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An apocalyptic scene played out behind them, as firefighters and other emergency workers kept digging at the huge mound of rubble that the day before had been their homes — using both construction equipment and their hands to search for the missing.

One woman, who was trapped on the fourth floor of what was left of part of the building, was rescued after a worker dug a hole with his hands in the debris and then removed his helmet to fit his head through and identify her.

There was so little space to pull her out that he had to carefully hand her over the edge of the building to another worker, her neck in a brace. Eventually they placed her on a stretcher and transported her to the hospital.

She was wearing only black pants and a black tank top after surviving the night in freezing temperatures but was conscious when they carried her to safety.

A Ukrainian Orthodox priest, Mikhail Stinyo, 39, held a service for the dead and missing at his nearby church on Sunday. “We are praying for the missing. We hope they will be found alive,” he said.

His church is prepared to host funerals free of charge for victims of the attack, which he described as “Russian terrorism.”

Rescue workers and civilians who saw him outside the ruined building Sunday turned to him for guidance and prayer, he said.

After a long night, “a lot of people are emotionally drained,” he said.

Arseniy Aivazian, 30, who heard the boom from the other side of town Saturday and came to the scene of the attack to volunteer Sunday, said he understood “that our air defense can’t shoot down these missiles.”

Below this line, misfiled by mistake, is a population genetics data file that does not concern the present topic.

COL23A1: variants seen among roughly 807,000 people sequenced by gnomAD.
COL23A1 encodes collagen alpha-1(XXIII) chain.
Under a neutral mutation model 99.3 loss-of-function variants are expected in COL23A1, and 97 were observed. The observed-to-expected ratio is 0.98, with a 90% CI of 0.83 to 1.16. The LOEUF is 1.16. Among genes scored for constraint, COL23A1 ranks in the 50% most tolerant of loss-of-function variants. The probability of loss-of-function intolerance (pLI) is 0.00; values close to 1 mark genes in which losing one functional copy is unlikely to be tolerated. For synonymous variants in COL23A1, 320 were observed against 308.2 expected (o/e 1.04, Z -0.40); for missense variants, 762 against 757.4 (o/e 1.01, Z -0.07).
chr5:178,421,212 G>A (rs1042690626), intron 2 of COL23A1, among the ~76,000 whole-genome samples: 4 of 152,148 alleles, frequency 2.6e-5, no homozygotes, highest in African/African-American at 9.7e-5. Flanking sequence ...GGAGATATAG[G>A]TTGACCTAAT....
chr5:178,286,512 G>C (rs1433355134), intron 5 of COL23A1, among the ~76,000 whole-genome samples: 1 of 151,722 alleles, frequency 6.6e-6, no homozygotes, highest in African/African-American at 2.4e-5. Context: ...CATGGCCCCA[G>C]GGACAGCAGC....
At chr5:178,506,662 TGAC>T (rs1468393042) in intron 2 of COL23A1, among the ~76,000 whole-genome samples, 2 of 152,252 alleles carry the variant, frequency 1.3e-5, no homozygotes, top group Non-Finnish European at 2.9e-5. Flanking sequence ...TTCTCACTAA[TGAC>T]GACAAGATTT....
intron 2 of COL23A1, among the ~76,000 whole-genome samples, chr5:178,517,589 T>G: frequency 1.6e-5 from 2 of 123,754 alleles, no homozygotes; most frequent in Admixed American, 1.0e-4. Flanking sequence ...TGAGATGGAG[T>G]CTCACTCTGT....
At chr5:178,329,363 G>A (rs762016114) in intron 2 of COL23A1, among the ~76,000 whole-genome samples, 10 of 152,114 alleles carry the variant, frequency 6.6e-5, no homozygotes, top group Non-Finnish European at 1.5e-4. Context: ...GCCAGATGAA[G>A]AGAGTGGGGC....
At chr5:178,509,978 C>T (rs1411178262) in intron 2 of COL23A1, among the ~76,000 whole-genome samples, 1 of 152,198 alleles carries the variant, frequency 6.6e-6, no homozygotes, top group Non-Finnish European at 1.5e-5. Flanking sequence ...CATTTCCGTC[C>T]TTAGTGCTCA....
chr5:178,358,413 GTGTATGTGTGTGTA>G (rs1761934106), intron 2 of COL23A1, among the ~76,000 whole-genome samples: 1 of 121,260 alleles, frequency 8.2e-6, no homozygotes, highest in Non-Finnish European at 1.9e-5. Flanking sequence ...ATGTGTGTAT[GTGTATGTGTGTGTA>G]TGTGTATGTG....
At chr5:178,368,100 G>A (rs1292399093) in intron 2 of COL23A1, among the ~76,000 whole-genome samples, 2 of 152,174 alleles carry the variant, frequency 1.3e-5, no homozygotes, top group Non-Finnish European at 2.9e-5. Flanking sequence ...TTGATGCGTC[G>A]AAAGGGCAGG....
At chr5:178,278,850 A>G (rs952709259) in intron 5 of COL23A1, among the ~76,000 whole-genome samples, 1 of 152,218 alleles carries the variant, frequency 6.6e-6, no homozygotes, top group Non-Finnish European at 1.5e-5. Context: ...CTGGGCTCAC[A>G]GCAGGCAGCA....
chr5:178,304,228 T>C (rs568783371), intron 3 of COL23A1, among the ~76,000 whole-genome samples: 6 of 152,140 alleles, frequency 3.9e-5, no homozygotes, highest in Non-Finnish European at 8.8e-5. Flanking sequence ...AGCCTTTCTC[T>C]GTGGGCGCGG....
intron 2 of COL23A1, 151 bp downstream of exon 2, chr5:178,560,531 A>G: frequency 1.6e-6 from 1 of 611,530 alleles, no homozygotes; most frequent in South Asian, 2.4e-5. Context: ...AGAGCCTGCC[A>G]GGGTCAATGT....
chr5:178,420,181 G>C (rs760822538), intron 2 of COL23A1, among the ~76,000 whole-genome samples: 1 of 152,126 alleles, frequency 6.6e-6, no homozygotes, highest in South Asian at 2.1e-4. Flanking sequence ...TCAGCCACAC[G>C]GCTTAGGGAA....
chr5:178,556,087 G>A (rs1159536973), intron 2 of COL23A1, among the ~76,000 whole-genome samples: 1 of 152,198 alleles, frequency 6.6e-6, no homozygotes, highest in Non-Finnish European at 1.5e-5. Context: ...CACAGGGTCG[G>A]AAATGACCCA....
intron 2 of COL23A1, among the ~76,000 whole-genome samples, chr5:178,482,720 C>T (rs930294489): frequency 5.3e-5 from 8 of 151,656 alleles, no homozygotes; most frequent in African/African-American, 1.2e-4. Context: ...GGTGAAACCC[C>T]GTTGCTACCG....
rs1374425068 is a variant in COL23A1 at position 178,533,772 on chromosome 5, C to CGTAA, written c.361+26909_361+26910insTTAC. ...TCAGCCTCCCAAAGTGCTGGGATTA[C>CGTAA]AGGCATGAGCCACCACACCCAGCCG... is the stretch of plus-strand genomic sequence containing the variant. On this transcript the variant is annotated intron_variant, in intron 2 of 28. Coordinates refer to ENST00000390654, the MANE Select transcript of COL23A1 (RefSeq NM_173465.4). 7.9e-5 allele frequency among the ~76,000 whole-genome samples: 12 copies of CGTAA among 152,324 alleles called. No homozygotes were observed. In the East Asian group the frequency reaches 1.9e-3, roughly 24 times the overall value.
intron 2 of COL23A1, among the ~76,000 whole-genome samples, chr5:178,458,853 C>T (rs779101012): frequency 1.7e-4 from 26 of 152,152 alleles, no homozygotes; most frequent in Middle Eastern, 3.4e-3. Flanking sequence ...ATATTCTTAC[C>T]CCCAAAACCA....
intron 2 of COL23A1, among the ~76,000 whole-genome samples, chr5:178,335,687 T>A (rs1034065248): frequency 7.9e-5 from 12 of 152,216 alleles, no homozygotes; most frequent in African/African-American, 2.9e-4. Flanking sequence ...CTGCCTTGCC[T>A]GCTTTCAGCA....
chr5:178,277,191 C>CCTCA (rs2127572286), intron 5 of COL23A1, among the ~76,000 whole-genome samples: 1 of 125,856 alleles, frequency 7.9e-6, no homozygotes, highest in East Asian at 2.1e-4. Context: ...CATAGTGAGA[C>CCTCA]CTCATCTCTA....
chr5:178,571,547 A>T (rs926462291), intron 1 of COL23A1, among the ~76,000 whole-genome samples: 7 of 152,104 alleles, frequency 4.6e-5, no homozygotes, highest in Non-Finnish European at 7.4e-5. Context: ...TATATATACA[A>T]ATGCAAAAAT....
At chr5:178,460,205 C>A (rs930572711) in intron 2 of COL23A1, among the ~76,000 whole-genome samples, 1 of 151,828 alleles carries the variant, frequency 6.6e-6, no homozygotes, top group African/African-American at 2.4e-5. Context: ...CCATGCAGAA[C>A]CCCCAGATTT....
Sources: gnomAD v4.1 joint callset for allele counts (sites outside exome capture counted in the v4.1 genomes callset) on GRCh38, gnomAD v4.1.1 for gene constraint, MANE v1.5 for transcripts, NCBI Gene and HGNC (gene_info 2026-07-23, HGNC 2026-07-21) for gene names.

“We want the entire world to help,” he said. “We aren’t just fighting for our own freedom. We are fighting against terrorism.”

Oleh Nemyrovskyi, 31, whose parents live nearby, said Ukrainians “are waiting” for air defense that can protect them from such carnage.

“Maybe if we had new Patriots or something like that we’d have a chance to shoot [these missiles] down,” he said.

His three-year-old daughter, Sofia, sat on his shoulders in a yellow snowsuit and a unicorn hat, staring at the wreckage.

“She is saying a dinosaur knocked the building down,” he said. “She doesn’t understand the situation.”

Behind the building, volunteers continued handing out hot drinks and food to families displaced by the blast. Andriy Vanzha, 43, and his wife Svetlana, 42, were among those lined up to receive temporary mattresses. They live in the adjacent building and while their apartment was not damaged, police have banned them from entering the site, saying a support beam may be at risk of collapse.

They were at home during the strike, which left them shaken.

“I want the world to see how inhuman they are and let’s hope the world doesn’t abandon us,” Vanzha said. “We are very much hoping the Americans will give us more air defense.”

Two trained rescue workers, Natalya, 36, and Mykola, 53, who had been on the ground almost nonstop since the day before, stood behind the smoking ruin, waiting for their next instructions to clamber inside.

So far that day, they said, they had removed eight bodies from the wreckage. Unlike the day before, when they found many survivors, on Sunday, they were mainly digging out the dead.

Still, they were holding out hope that some people may have been in the basement and could be buried under the rubble but still be alive.

“The scariest part is not knowing,” Mykola said.

“It’s better if you know everyone died or know everyone is going to the hospital,” Natalya added.

For her, the mission had turned personal. Hours after she started digging people out of the collapsed building on Saturday, she learned that her 12-year-old son’s teacher was among those trapped inside.

Earlier that day, the teacher, her husband and their 16-year-old daughter had gone to the apartment complex to visit friends. Now they were all missing.

“I’m hoping maybe they went to the basement,” Natalya said. “His entire class is very worried.”

Were theyprepared to be the ones to find the family?

“We have to turn off our emotions,” Mykolo replied.

Natalya just shook her head.

Wojciech Grzedzinski contributed to this report.